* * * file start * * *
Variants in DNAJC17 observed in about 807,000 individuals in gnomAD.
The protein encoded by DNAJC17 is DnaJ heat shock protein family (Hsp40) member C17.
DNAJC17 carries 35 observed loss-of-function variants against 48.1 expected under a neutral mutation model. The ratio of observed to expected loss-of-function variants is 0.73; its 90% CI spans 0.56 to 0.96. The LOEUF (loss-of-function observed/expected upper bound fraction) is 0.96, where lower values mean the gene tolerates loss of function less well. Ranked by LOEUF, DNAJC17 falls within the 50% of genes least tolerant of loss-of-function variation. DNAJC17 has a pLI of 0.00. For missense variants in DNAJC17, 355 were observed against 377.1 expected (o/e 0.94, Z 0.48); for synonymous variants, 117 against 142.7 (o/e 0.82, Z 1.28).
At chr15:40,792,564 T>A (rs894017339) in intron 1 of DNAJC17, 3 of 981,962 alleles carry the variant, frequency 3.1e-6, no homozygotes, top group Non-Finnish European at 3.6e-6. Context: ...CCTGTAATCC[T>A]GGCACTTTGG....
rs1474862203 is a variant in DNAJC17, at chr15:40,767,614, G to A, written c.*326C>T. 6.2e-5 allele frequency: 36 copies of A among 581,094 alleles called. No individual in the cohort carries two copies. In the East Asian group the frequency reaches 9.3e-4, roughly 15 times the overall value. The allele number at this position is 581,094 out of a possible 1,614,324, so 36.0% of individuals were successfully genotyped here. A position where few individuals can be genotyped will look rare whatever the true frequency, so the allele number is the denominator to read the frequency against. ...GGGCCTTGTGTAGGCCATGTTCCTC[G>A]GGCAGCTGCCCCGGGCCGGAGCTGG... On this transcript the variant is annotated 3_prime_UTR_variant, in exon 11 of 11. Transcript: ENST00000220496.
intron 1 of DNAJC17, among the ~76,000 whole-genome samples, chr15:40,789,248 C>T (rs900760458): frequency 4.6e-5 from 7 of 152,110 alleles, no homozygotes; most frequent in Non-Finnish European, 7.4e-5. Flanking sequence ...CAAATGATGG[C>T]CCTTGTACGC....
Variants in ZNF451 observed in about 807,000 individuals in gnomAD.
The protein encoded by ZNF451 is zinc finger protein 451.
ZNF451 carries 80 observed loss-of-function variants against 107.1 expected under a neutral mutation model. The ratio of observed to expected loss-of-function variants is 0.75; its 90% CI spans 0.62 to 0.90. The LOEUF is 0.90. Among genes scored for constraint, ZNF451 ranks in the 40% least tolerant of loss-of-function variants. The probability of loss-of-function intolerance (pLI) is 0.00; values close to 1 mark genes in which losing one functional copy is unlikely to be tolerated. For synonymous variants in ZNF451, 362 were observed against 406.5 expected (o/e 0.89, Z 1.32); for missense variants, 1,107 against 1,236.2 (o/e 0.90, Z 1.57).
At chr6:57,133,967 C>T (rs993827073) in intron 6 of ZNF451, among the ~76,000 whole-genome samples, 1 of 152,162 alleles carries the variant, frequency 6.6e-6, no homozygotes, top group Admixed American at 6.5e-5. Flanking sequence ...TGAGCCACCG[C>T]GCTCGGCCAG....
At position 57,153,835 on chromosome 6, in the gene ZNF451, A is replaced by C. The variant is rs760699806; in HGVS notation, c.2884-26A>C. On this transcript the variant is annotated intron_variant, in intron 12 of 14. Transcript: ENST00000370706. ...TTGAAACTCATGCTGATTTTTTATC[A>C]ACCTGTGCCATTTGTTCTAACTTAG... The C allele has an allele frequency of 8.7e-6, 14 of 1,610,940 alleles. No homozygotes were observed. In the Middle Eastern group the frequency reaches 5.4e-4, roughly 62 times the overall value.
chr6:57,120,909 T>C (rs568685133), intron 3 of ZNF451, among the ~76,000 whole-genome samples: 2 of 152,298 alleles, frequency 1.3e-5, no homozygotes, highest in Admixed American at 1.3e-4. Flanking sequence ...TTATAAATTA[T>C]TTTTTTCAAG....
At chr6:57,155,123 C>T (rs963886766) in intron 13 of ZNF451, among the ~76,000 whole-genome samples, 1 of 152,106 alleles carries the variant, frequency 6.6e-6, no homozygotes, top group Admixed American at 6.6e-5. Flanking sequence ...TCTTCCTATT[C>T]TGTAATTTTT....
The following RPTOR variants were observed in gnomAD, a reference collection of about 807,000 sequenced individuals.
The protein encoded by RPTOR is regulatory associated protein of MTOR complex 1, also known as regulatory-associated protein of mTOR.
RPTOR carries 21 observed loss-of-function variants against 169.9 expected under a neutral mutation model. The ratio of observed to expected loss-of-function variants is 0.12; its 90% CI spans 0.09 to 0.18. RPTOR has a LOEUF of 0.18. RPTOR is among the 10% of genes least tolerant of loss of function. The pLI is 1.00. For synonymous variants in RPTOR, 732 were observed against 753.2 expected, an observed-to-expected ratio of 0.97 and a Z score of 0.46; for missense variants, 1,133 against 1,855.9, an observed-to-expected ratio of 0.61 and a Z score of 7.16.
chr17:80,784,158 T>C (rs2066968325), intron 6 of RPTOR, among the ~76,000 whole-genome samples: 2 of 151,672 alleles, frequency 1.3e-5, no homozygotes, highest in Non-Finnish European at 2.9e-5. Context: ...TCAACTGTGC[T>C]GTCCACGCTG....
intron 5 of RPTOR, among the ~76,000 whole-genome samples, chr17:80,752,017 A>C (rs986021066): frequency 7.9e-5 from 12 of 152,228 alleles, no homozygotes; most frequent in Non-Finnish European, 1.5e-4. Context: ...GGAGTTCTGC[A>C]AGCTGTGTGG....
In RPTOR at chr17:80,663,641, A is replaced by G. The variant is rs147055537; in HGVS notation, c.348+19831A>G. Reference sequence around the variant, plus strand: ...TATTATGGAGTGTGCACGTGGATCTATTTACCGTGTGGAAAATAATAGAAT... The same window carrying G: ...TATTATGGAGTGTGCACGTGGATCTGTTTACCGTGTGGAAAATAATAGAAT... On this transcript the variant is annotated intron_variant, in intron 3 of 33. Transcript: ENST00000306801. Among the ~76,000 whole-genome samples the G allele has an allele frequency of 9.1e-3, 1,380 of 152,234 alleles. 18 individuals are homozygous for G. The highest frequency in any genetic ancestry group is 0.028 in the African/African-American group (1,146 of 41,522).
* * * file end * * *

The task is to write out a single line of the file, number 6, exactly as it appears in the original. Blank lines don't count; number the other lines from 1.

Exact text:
intron 1 of DNAJC17, among the ~76,000 whole-genome samples, chr15:40,789,248 C>T (rs900760458): frequency 4.6e-5 from 7 of 152,110 alleles, no homozygotes; most frequent in Non-Finnish European, 7.4e-5. Flanking sequence ...CAAATGATGG[C>T]CCTTGTACGC....